PITTSBURG, Kan. — The Pittsburg City Commission approved the establishment of the Creekside East Rural Housing Incentive District (RHID) and both the preliminary and final plat for the first phase of the planned subdivision Tuesday, despite concerns of area residents about the project and whether the commission was following its own rules.

Several residents of the neighborhood adjacent to where the Creekside East homes are planned to be built in the area north of Deer Run Lane and west of Free Kings Highway, who also attended a Planning Commission meeting the previous day, spoke during the meeting’s public input period, as well as during a public hearing on establishing the RHID.

"Last night when we were here not a single person spoke out against the development per se," said neighborhood resident Mike Zafuta. "We came here trying to get answers and I think we were upset with the process. We wanted clarification and plans, as we haven’t been privy to them prior to last night’s meeting. We had questions about safety, traffic, water flow, and the roadways, and I’ve got to be honest, I came away from here with more concerns than when I came in."

Zafuta and others said that they had no problem with Nate Stahl and Bart Arnett of Turnkey LLC, the developers planning the subdivision, but rather with the city’s procedures — specifically that the city commission was technically not following its own rules in approving both the preliminary and final plat for the project at the same meeting.

"You’ve got rules," said neighborhood resident Michael Marietta. "You should follow the rules. If you don’t, then why do we have these?"

City officials and the developers said the reason for approving both plats at once was to expedite construction on the project.

"Essentially it would put us right in the middle of winter probably starting this" if plans could not be approved at Tuesday’s meeting, Arnett said, "and everybody knows what construction is like in the winter time."

Commissioner Larry Fields, who voted for approving the two plats, also said he wanted to see the project get started.

"I think that projects delayed are projects denied, and we’ve seen it time and time again," he said. "We’re still arguing about Silverback and it’s now two years old and there’s no sticks out of the ground, and I’d like to, you know, see a project get moving actually. You guys are not from, you know, Memphis or Mars. You’re local guys. You’re not going to be doing work in New York CIty or somewhere else. We don’t have to worry about the project not getting done. If you fail, you’re going to fail here locally where you’re at and your families are at and you’re going to have to live with that, but I would like to see the project get started on phase 1."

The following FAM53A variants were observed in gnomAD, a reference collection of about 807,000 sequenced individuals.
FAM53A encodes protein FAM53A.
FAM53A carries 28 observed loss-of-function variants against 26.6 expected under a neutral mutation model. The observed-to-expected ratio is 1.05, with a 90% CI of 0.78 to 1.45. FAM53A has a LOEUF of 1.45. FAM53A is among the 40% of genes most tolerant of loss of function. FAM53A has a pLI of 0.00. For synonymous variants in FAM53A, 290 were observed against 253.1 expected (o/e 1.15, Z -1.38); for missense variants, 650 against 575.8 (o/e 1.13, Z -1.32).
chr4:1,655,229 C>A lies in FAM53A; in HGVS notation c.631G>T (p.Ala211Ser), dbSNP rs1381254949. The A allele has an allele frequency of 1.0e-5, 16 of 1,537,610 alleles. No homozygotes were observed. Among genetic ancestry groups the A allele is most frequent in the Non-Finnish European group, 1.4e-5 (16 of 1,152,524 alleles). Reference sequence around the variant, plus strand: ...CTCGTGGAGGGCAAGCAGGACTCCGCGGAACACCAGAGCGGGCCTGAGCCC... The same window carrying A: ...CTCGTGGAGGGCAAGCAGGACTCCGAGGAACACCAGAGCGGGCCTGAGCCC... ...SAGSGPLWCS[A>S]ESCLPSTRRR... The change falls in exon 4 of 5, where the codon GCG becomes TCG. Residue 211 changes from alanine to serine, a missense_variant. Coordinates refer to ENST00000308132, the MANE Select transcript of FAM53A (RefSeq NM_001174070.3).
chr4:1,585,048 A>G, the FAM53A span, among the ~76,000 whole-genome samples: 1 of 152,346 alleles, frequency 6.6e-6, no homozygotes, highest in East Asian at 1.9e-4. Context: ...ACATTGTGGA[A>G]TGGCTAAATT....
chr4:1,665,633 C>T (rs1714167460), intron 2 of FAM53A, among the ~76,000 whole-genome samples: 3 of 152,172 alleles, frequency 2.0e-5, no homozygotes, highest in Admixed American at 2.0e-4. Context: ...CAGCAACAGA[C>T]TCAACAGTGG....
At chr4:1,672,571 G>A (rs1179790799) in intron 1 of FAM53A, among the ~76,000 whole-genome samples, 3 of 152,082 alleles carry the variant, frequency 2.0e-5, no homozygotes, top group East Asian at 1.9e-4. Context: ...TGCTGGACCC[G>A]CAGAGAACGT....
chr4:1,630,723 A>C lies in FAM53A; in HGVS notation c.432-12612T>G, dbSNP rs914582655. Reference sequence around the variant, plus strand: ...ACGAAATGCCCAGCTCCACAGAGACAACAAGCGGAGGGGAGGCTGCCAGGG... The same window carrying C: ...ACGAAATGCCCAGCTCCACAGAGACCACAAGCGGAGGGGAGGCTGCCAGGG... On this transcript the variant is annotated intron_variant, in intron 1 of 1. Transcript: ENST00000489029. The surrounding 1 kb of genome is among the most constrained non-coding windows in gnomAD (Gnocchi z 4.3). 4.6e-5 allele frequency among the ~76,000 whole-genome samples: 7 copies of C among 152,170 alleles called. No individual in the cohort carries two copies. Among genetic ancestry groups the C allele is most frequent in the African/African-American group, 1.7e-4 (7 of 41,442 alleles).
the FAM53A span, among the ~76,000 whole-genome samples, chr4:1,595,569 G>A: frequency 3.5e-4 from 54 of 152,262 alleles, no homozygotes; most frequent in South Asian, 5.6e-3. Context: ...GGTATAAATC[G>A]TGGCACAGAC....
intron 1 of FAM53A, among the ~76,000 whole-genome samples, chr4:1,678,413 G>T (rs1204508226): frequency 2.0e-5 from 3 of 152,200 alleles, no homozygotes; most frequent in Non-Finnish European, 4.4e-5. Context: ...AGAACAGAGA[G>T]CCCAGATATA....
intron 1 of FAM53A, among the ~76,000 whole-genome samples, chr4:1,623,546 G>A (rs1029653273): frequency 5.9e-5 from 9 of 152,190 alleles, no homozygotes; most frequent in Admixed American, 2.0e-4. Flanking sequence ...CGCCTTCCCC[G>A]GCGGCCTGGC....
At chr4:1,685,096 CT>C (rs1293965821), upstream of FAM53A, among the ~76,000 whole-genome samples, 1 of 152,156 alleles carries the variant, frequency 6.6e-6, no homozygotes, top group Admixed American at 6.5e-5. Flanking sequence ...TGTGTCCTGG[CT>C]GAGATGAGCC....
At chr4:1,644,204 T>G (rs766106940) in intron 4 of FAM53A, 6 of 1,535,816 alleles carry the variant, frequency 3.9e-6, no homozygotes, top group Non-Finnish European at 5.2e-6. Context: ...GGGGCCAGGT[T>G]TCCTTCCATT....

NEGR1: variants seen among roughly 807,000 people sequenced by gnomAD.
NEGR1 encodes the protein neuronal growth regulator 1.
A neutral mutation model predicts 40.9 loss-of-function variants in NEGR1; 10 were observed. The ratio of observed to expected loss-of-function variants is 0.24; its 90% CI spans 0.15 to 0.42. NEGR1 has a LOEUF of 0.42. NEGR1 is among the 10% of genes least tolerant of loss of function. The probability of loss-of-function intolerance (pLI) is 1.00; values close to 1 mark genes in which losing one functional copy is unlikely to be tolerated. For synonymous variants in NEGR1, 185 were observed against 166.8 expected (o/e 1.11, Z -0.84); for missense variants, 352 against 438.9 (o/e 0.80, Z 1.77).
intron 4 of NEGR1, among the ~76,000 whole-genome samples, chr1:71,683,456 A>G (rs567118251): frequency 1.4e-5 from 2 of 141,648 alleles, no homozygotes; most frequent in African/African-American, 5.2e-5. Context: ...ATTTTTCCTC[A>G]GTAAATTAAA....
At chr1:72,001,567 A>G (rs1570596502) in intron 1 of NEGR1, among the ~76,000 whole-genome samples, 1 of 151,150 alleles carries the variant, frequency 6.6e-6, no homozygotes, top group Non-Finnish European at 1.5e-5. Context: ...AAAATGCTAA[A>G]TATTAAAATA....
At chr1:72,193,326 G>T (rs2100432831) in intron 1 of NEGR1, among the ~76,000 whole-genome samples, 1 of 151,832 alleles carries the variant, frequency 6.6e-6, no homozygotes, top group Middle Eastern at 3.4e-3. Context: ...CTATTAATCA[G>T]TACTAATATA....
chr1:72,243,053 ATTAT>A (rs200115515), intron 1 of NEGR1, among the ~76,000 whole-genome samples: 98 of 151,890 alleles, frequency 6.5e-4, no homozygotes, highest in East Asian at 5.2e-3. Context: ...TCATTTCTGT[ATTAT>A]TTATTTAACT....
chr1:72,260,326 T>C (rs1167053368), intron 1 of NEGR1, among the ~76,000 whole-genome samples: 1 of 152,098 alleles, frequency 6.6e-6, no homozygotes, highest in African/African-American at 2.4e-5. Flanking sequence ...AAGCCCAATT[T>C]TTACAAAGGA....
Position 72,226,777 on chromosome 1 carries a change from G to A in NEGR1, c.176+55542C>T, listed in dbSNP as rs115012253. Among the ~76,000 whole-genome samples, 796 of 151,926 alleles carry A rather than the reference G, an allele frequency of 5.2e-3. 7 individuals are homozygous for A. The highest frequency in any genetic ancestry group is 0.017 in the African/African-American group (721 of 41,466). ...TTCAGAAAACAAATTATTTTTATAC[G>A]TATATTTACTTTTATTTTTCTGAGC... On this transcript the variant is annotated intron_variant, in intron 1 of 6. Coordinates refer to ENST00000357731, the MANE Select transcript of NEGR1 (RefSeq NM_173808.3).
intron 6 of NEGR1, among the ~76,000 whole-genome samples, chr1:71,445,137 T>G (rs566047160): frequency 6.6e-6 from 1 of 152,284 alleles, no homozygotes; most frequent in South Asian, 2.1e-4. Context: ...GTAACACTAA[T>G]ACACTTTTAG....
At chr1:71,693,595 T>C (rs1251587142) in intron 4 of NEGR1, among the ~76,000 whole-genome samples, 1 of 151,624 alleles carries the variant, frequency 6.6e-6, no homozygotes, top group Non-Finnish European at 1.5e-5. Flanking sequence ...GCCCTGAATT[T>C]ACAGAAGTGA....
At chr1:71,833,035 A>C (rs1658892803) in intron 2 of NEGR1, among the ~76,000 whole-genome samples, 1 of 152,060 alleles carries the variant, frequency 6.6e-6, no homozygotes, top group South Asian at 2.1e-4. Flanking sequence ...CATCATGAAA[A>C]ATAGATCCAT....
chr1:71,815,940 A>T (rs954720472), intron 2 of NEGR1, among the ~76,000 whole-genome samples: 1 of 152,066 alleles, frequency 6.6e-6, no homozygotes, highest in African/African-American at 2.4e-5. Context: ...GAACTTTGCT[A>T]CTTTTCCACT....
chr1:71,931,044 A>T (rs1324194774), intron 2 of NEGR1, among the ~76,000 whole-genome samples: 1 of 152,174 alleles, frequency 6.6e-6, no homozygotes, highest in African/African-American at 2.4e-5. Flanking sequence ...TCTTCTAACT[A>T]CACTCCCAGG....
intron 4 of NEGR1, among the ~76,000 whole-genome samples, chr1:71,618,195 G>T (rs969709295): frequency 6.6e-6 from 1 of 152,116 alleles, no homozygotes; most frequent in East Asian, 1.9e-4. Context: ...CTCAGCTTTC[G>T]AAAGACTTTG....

Commissioner Cheryl Brooks also said the project reminded her of the Silverback Landing RHID, but for different reasons.

"It’s nothing to do with you guys," she said. "It’s déjà vu. I sat during this meeting last night and I swear I could go back 2 and a half years and everything that they were doing and asking, it was the same thing that we went through and I was a part of with Silverback."

Before being elected to the commission last year, Brooks extensively questioned the city’s procedures in approving and funding improvements for the Silverback Landing subdivision, which was approved in 2018 but still has not been built.

Commissioner Chuck Munsell said he understood the time constraints for starting the Creekside East project.

"But our ordinance, I feel, we should follow," he said, "and maybe in the future we won’t have this problem we’re having now."

City Manager Daron Hall said he would have a recommendation for the commission at its next meeting about how the city should potentially revise its ordinance so it will not be breaking its own rules if it approves both a preliminary and final plat at the same meeting.

"It feels to me like we blew that one," Hall said. "I don’t think it was something illegal."

Commissioner Patrick O’Bryan, who voted in favor of approving the plats, said in approving future developments, he has "no issue with following the ordinance, even though we have a legitimate right to vote the way we have done in the past."

Public Works Director Cameron Alden said in the past it has not been uncommon for the city to approve projects with only a single plat, but it has been trying to follow its own rules more closely.

"So you’re seeing more thorough follow-through than what has been done in the past, not to say that we’re 100 percent, because we are asking you to do something again that’s not strictly by those regulations, but it is up to the commission if they would like to allow that."

Munsell said he agreed with the concerned neighbors, and that their concerns were legitimate and had not been addressed at the Planning Commission meeting, even though some might characterize them as not-in-my-backyard issues.

"That’s an easy excuse to use," he said, "but people do have questions."

The commission voted to approve the two plats for the project on a 3-2 vote, with Brooks and Munsell opposed.